This blog represents most of the newspaper columns (appearing in various Colorado Community Newspapers and Yourhub.com) written by me, James LaRue, during the time in which I was the director of the Douglas County Libraries in Douglas County, Colorado. (Some columns are missing, due to my own filing errors.) This blog covers the time period from April 11, 1990 to January 12, 2012.

Unless I say so, the views expressed here are mine and mine alone. They may be quoted elsewhere, so long as you give attribution. The dates are (at least according my records) the dates of publication in one of the above print newspapers.

The blog archive (web view) is in chronological order. The display of entries, below, seems to be in reverse order, new to old.

All of the mistakes are of course my own responsibility.

Wednesday, July 18, 2001

July 18, 2001 - A Metaphysical Farce

Profane. Vulgar. Violent. Full of sexual innuendo. That's not unusual for a movie, I guess. But this one, I got from a minister.

The movie's name is "Dogma." I have no idea how it was described at the time of release, but I know how I'd label it: a metaphysical farce. I'm sure it's at least an "R." The language is pretty coarse.

The basic plot line is convoluted. In brief, two long-exiled angels have found a sort of doctrinal loophole that will get them back into heaven. If they succeed, there will be, well, hell to pay.

Various other characters include a a forgotten Apostle, a couple of Prophets, yet another angel, a Muse or two, and the intriguing Scion.

I failed to mention another key character: God.

George Carlin puts in a wonderful performance as a highly placed Catholic official who rolls out a new image to replace the crucifix: a statue of Jesus, one thumb up, all smiles.

I have to say that I do believe, both personally and professionally, that swearing is the last refuge of the inarticulate. But despite all the above, "Dogma" manages to be both funny -- sometimes hilarious -- and thought-provoking.

The main protagonist of the piece is a woman who is suffering a crisis of faith. She's a Catholic, or at least, she goes to a Catholic church once a week. She also works at an abortion clinic, and is divorced.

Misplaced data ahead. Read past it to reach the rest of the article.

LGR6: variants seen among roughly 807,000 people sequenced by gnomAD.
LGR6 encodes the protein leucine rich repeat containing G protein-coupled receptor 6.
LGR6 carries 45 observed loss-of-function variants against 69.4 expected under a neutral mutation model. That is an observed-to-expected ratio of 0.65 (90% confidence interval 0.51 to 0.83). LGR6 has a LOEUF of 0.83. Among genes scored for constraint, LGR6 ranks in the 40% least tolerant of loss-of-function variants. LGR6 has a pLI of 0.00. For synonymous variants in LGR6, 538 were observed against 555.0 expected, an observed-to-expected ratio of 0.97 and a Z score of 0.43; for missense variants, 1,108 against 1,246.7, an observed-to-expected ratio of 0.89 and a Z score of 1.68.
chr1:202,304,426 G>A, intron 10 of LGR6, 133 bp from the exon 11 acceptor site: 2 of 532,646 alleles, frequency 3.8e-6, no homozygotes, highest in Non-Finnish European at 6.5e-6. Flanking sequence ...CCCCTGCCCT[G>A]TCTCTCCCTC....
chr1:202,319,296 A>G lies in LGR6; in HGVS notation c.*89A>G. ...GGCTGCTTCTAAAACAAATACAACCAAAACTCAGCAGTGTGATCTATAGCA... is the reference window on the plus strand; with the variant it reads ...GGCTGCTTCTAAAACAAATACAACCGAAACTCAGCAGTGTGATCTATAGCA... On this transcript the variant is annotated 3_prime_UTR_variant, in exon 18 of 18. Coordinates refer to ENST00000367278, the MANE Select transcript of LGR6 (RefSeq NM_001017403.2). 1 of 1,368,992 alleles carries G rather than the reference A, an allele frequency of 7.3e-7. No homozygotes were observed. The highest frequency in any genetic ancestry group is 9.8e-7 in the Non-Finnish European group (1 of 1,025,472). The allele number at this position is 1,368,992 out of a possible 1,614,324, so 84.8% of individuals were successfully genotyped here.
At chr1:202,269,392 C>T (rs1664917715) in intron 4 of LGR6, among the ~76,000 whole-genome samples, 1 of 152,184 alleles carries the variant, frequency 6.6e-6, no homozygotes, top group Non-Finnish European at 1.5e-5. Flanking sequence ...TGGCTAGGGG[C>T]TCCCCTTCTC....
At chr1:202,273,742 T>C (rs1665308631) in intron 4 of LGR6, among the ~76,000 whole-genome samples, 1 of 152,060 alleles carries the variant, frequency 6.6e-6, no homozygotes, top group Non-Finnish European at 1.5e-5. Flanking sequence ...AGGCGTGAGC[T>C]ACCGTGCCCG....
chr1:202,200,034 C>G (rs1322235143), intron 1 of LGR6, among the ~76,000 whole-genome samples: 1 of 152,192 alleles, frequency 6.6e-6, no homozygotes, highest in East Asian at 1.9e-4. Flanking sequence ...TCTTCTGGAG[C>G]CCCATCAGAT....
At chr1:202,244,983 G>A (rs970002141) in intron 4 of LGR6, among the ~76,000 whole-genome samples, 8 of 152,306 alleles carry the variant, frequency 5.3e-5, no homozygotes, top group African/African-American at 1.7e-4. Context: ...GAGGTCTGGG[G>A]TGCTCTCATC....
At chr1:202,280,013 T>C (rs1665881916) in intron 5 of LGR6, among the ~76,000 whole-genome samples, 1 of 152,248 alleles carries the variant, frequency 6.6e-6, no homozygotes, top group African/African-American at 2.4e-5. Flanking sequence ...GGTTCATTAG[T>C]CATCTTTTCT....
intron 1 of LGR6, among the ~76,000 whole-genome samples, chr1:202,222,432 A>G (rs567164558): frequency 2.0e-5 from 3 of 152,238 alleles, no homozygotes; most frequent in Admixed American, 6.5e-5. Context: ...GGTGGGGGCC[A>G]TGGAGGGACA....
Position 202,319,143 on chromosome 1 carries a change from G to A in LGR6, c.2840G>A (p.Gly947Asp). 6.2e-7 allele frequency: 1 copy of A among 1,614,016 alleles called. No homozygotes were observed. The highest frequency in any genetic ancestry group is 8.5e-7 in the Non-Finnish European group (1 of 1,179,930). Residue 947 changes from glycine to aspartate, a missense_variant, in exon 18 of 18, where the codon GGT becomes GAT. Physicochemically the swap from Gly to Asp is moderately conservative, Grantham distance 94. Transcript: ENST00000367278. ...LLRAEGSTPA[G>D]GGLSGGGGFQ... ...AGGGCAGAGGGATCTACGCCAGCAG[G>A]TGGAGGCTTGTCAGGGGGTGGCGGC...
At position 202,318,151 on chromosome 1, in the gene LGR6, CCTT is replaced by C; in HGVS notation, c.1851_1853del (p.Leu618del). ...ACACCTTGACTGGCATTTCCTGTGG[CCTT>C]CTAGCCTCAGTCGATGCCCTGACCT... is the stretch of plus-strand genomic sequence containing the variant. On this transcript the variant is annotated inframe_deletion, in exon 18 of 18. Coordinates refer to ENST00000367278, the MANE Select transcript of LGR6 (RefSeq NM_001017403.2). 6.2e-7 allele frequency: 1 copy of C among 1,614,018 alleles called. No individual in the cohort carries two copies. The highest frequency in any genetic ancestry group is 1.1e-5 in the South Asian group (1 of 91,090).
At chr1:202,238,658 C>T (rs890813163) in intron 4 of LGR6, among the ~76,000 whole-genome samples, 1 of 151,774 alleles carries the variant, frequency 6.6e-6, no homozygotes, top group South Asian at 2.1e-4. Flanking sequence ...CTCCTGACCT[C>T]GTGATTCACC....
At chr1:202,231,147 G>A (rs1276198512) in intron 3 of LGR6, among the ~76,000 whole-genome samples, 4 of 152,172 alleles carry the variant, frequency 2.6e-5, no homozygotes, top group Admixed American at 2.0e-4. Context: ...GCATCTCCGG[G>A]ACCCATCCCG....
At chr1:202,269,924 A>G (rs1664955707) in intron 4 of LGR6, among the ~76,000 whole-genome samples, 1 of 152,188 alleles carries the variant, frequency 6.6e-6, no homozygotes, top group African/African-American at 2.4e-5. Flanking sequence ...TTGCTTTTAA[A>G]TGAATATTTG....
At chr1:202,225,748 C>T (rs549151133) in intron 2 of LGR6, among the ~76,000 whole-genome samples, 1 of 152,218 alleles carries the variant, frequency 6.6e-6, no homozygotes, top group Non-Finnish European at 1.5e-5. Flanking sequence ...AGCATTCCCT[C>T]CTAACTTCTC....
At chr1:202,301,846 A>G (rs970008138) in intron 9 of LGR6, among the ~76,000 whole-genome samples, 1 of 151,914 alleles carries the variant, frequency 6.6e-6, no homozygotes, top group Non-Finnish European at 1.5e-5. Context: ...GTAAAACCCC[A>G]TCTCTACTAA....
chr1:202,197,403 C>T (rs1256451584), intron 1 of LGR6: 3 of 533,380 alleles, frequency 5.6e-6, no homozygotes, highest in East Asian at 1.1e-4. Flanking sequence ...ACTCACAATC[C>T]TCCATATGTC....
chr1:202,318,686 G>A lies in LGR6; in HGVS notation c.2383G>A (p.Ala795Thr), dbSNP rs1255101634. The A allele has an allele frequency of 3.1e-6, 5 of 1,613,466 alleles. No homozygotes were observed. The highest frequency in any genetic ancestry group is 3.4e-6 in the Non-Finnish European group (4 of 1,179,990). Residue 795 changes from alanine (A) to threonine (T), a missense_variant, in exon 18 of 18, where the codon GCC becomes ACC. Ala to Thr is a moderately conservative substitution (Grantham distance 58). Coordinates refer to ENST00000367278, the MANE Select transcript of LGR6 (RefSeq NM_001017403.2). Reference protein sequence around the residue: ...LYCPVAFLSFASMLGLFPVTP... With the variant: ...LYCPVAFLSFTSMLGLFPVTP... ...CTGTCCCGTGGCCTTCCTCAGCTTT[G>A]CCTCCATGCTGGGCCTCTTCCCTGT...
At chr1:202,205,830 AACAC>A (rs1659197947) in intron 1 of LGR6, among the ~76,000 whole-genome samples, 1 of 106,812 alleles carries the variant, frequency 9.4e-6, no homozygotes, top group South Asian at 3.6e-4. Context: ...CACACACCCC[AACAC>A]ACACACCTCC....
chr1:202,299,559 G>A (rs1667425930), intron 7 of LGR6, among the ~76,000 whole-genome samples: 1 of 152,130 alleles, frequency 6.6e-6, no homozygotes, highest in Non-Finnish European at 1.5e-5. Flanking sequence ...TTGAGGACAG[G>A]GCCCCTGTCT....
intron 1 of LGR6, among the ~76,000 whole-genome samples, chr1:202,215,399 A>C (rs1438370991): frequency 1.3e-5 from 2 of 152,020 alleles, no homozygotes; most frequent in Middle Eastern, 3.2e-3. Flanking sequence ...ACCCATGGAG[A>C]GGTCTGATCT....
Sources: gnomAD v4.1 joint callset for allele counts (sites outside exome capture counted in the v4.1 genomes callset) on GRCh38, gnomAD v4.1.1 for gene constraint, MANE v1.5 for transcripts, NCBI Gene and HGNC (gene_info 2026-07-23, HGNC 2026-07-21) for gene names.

While sleeping one night, she is visited by an angel, who appears in ablaze of flames. She douses him with a fire extinguisher.

I won't reveal any more about the plot than that. The movie is populated mostly by young people, all with that strangely jaunty air of the Gen-Xer.

It happens that I like that generation. I always have. They have a clear-eyed assessment of both what sucks in the world, and what matters. And they have the willingness, as does the protagonist, to do what's necessary, even if there's not much of a percentage in it. I like that about them, too.

I mention all this because the minister, Cal Kemper of "Song of Joy" (a United Church of Christ affiliate) wants to show the film and have a discussion about it. He asked me to sit in as co-facilitator.

I'm not a member of that church, but I like the idea of a free and open discussion about religion. That does seem to me to be at least one of the points of the First Amendment.

So, on July 28, 6:30 p.m., the Philip S. Miller Library in Castle Rock will be sponsoring a showing of the film, followed by a freewheeling discussion. On the one hand, we'll have Cal and Rebecca Kemper, the ministers. I presume that their interest is religious.

On the other hand, we'll have me. My interest is more cultural. What does this film say about religion in America? What does it say about faith as a motivating force in the life of a generation? What does it say about religion and the movies?

You may expect to find some books on display, too.

Again, please be advised that this film really isn't for children.

At any rate, if you have an interest in a decidedly offbeat evening talking about things that mostly don't get talked about, stop by the library. The show (and that includes participant discussion) is free.

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